Three keys for Cards to win NLDS Game 2
LOS ANGELES -- A relieved Mike Matheny said after the Cardinals' improbable 10-9 victory over the Dodgers on Friday that he hoped his club would "chew on this a while." But once the emotional high passes and the Cardinals turn their attention to Game 2 of this best-of-five National League Division Series, they'll see another tough task ahead in Zack Greinke.
In a matchup of starters Lance Lynn and Greinke, here are three keys for the Cardinals as they look to advance one win closer to a trip back to the NL Championship Series for a fourth straight season:
Lynn pitching through the sixth: Lynn made several strides forward in his career this year, chief among them showing an ability to control his emotions when things started to go awry around him. His next task is to show that he can dominate as a starter on the postseason stage. In all five of his previous playoff starts, Lynn has been chased from the game before finishing six innings. He's only pitched through the fifth twice.
After lasting just two innings in a blister-bothered start against the Dodgers in late June, Lynn finished six innings in 15 of his 16 final starts. He has a career .717 winning percentage when giving the Cardinals at least six innings in a start, and doing so again would also give the Cardinals an ability to set the back end of their bullpen up as desired.
Containing Yasiel Puig: Puig was a nuisance to the Cardinals in Game 1, reaching base five times, scoring three times and driving in one with one of his two hits. He has also been trouble for Lynn before, going 4-for-6 against the Cardinals right-hander in nine career plate appearances.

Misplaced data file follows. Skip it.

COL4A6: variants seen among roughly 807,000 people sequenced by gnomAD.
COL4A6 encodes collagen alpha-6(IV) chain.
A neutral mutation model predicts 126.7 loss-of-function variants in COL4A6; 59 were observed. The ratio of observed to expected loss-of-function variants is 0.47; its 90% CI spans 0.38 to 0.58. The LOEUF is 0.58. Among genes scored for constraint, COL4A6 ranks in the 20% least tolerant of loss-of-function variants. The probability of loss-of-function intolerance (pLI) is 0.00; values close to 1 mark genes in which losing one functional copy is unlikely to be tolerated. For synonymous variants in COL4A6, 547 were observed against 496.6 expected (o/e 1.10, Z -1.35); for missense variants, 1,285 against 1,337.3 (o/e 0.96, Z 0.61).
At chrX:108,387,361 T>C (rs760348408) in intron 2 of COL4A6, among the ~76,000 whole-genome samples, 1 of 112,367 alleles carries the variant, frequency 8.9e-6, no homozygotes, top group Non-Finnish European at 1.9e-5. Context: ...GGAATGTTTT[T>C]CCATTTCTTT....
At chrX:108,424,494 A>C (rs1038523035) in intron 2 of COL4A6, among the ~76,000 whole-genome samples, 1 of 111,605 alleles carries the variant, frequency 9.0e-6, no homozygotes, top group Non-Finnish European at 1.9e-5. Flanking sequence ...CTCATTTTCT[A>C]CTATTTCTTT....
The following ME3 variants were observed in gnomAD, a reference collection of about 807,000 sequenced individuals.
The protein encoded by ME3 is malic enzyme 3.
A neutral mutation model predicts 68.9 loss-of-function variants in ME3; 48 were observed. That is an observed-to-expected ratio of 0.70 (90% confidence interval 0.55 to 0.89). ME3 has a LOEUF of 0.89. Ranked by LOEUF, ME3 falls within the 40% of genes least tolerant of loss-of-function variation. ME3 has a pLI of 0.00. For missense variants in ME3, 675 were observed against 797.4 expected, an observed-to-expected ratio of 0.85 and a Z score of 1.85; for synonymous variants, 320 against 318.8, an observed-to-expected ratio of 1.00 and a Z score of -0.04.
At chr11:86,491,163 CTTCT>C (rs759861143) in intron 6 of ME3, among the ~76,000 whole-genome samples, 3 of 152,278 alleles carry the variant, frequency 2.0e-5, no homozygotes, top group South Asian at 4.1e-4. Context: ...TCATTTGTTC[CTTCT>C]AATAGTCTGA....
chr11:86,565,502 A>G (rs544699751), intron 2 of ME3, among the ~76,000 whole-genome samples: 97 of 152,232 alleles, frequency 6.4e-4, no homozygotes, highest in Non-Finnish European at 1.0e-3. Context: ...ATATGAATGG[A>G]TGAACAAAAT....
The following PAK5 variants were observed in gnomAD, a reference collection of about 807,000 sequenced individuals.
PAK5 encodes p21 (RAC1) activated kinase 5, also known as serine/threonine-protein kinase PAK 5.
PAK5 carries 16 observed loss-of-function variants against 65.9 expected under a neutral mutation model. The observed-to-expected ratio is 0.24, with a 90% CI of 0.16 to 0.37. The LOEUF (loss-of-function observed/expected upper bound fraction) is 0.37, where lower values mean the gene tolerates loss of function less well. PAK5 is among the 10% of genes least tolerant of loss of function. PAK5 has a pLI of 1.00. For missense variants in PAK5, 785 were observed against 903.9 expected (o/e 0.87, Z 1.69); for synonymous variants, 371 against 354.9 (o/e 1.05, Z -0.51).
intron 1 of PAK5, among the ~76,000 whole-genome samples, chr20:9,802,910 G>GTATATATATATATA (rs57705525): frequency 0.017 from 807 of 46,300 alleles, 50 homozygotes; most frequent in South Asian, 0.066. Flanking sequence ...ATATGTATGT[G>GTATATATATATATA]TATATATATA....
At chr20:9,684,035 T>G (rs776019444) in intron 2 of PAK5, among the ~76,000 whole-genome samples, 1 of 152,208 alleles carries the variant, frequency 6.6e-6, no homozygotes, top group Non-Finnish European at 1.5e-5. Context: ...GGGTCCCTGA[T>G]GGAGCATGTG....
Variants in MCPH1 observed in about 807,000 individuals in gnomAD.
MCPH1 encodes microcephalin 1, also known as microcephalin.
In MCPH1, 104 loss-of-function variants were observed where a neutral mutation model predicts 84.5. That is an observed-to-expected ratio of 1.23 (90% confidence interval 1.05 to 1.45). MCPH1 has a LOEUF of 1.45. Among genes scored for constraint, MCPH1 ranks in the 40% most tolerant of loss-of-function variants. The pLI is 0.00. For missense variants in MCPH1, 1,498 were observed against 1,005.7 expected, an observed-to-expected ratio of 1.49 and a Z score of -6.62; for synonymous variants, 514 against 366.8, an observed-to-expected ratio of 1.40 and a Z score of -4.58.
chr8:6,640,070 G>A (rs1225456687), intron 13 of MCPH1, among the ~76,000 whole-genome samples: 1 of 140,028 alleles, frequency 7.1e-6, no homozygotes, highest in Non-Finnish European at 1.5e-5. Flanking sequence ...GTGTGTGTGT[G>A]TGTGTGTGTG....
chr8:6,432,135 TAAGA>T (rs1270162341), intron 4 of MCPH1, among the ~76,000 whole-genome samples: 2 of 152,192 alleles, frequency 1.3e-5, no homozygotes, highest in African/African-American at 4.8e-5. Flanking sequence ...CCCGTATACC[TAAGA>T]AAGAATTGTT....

Puig entered October hot, as he hit .339 with four doubles, three homers and nine RBIs over the Dodgers' final 16 games. The Cardinals often run into him at his best, too, as Puig has batted a career .305/.431/.407 against them in 17 games (including the postseason). If the Cardinals can keep Puig off the bases in front of the heart of the Dodgers' order, they'll increase their chances of keeping down an offense that ranked second in the NL in most offensive categories this season.
Continued RISP success: The Cardinals don't hit enough home runs to be reliant on the long ball, which means they'll have to continue to scratch out run support with their typical labor-intensive approach of stringing together hits. It worked exceptionally well on Friday, as the Cardinals went 5-for-7 with runners in scoring position in the seventh inning alone. The Cardinals were used to that sort of clutch production in 2013, but it's been harder to find consistently in 2014.
With their own starting pitcher having allowed three or fewer earned runs in every one of his starts since June, the Cardinals may be able to make do with even modest run support for Lynn. Matt Carpenter (.333/.400/.556), Matt Holliday (.324/.359/.514) and Yadier Molina (.300/.313/.367) all have had notable success against Greinke, and that could be a boost as the club looks to roll over its offensive momentum from Game 1.